"Stopping By Woods On A Snowy Evening" is a poem written by Robert Frost. The poem deals with many basic themes, some of which include responsibility, nature, and life. Frost attempts to make the reader participate, and allow the reader to interpret the poem however he or she may see it.
The setting of this poem takes place in the forest on a winter evening. Frost gives clues to the fact that it is in a forest and a wintry night when he states,
"Between the woods and frozen lake
The darkest evening of the year." (Line 7-8)
The darkest evening of the year occurs in the winter. Not only is this stated a few more times in the poem but it is also seen in the title.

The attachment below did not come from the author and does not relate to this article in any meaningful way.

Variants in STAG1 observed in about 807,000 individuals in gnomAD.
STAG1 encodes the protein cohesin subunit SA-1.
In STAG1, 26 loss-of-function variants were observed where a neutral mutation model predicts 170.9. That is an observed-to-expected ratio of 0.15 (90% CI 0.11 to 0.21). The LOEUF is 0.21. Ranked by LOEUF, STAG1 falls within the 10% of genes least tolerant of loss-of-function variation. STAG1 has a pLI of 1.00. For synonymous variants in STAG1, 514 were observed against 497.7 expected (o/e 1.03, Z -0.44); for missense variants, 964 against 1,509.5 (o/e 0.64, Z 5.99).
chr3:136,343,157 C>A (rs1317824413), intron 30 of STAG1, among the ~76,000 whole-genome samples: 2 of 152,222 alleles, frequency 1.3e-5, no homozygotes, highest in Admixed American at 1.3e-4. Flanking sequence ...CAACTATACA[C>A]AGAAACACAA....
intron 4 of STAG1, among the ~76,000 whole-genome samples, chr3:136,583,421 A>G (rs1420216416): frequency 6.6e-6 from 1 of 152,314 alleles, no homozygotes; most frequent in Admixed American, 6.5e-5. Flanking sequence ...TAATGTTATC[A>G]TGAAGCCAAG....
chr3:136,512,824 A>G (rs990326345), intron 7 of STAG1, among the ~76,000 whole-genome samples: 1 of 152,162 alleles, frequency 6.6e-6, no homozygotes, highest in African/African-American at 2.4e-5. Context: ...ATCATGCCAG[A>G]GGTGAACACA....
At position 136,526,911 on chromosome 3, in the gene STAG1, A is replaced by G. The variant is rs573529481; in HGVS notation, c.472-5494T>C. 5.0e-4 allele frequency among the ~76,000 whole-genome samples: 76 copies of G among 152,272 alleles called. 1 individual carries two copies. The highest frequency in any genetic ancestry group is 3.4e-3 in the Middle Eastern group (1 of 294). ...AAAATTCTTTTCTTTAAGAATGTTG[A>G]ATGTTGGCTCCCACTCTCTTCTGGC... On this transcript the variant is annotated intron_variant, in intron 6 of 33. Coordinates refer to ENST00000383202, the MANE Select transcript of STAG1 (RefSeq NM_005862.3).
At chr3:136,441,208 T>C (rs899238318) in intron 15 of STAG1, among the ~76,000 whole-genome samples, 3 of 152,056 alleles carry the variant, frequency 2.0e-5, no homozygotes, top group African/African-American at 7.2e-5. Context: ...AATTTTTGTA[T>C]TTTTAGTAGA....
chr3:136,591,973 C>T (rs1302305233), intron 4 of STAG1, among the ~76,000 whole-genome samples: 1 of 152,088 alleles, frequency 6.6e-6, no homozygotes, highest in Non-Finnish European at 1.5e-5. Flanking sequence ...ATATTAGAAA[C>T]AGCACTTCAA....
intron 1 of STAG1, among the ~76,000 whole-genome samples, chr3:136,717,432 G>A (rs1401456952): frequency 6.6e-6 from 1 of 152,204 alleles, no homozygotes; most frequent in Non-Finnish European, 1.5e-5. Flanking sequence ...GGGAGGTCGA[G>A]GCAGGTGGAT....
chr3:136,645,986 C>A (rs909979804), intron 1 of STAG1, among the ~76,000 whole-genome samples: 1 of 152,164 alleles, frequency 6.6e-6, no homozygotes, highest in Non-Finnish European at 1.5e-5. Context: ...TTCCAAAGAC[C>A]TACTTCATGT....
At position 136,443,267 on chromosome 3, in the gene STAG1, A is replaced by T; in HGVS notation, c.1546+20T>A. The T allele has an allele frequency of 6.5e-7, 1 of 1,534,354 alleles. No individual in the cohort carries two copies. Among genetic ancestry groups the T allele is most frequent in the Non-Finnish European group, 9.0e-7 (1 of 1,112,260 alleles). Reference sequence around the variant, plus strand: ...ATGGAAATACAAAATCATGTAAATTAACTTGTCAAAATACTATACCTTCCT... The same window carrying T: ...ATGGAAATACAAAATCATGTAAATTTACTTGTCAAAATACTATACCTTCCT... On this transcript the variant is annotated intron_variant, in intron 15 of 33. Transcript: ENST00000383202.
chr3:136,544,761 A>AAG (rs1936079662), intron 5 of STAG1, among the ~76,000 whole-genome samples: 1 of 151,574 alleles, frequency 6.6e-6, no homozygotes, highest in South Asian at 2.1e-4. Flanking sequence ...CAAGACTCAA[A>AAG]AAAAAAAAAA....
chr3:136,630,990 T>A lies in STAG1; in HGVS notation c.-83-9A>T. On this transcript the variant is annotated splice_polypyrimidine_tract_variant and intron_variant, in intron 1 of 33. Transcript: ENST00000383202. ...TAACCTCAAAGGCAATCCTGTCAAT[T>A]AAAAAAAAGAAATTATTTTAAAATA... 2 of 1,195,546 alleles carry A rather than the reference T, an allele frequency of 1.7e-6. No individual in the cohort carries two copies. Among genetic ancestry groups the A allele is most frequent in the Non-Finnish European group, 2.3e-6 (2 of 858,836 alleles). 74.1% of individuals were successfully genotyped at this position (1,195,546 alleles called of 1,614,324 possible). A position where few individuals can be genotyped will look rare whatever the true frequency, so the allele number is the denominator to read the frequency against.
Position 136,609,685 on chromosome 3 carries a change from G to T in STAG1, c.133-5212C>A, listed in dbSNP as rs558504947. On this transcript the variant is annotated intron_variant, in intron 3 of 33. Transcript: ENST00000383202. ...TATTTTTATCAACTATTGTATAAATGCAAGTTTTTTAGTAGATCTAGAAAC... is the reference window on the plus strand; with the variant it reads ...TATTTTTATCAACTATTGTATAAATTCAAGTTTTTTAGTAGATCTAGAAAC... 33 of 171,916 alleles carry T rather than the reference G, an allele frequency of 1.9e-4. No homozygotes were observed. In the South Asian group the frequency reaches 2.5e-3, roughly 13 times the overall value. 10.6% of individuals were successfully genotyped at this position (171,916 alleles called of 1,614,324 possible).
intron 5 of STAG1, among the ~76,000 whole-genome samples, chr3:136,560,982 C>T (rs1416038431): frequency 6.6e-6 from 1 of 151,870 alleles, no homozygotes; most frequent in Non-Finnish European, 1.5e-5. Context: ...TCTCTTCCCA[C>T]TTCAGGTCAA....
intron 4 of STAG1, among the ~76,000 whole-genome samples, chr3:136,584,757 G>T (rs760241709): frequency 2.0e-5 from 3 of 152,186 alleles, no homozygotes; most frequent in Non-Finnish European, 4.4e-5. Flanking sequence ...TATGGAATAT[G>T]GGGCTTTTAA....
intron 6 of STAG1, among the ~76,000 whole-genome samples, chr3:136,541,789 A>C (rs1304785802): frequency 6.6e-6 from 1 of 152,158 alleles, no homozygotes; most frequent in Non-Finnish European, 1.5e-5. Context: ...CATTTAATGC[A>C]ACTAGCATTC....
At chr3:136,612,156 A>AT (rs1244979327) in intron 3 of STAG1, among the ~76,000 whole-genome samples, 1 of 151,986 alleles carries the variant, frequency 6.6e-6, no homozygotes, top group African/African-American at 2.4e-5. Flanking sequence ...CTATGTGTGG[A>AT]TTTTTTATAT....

The forest is an interesting place for literary works to take place, because it is a place of mystery.
It was a place where people went to search for answers, and a place where they reflected on themselves and a place where they tested their faith. One good example of this would be in Nathaniel Hawthorne's short story, "Young Goodman Brown", where Goodman Brown goes into the forest to test his faith. Frost uses the element of the forest in a similar fashion, where a man is in the forest reflecting on nature, his responsibility and his life. Frost compacts these themes in a sixteen-lined poem.
There are many themes in this poem. One of the themes that Frost tries to get across deals with responsibility. In this poem we see that the man stops in the forest to admire the beauty that surrounds him, but he soon realizes that he can't stay any longer because he had "promises to keep". In a...